Pamphlets

There emerged in 1775 a series of grossly scandalous pamphlets attacking the royal family and other public figures. Marie Antoinette was particularly ambushed by these writings, which included pornographic summaries of her reign. It became almost like a game for pamphleteers and revolutionaries to take every average aspect of her life and twist it into a scandal. These pamphlets were usually politically inclined, and portrayed Marie Antoinette as a “spendthrift, libertine, an orgiastic lesbian, and a poisoner and infant murderess” among other libelous accusations.

The unjust publication of these pamphlets is best described by the prince de Ligne, who upon reading the stories about his friend the Queen, observed that

“[if Marie Antoinette] responds to the friendship of a few people who are most devoted to her, they say she’s in love… Her evening walks on the terrace, her rides on horseback in the Bois de Boulogne, even music in the Orangerie, appear suspect. Her most innocent pleasures appear criminal. She is nice to everyone and so is declared a coquette…” (Thomas 46).

An example of a cover of a pamphlet degrading the Queen

An example of a cover of a pamphlet degrading the Queen

One of the most popular pamphlets painting the image of a “wicked queen” was the Historical Essays on the Life of Marie-Antoinette of Austria, Queen of France, to Serve as a History of this Princess (Thomas 48). Perhaps the most intriguing of these writings were founded upon the birth of her son. After finally producing the long awaited heir to the French crown, it is likely that Marie Antoinette sought solace from the public’s opinion of her. Instead, gossip spread claiming that the King was not the paternal father of the child, and speculation as to who the “real” father could be was a popular subject of gossip amongst the pamphlet readership.

The pamphlets also aimed to portray the Queen as someone who had distaste for her subjects, and looked down upon them like an evil Queen would. The peak of the publication of insulting and pornographic pamphlets concerning the Queen was from 1779 and 1783 (Gruder). These pamphlets associated Marie Antoinette’s fictionalized eroticism with hatred and crude intentions. One of the pamphlets portrays the Queen as saying, “I could hardly conceal the violence of my desire and none of the objects of my lust ever escaped my tender loving care” (Thomas 109).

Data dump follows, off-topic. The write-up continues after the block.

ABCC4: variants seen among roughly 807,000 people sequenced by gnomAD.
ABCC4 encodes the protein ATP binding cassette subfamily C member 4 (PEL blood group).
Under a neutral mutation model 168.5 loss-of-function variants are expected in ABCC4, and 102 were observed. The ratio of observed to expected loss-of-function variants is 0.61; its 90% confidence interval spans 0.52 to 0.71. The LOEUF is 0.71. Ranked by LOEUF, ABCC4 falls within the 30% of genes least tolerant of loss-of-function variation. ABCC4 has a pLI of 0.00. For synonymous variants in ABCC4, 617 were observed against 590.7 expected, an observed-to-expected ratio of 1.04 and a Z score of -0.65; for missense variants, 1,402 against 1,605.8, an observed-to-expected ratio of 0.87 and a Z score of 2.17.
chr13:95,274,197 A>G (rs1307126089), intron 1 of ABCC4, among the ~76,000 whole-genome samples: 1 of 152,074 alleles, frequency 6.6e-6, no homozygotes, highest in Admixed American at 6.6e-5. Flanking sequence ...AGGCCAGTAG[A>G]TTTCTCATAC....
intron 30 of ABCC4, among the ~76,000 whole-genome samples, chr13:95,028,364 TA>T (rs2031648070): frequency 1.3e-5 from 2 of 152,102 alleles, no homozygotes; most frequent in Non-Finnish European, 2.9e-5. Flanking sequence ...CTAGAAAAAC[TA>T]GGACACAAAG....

Antoinette came to be so affected by the unfairness of the slander that she nicknamed these pamphlets “these miserable gazettes” (Fraser 165). Despite her frustration with the pamphlets, she chose to remain quiet about their existence in public (Thomas). This perceived indifference of public opinion only further isolated the foreign Queen from the French (Thomas 63).

It is suggested that the visual and oral distribution of these pamphlets led to a distrust of the monarchy (Gruder 255). This creation of distrust is sometimes attributed to the beginnings of the Revolution. Not only did the libels circulate via print, but obscene versus of song were created in conjunction with them (Gruder 258). The spreading of slander in song would be quicker and easier to repeat than would a newspaper article.

The obsession with the Queen at this time became so vast that there were reports of English writers creating pamphlets in an effort to blackmail the French crown, by promising not to print the writings if the French government would buy them (Gruder 258). The pornographic pamphlets were being read in countries outside of France as well (Gruder 260).

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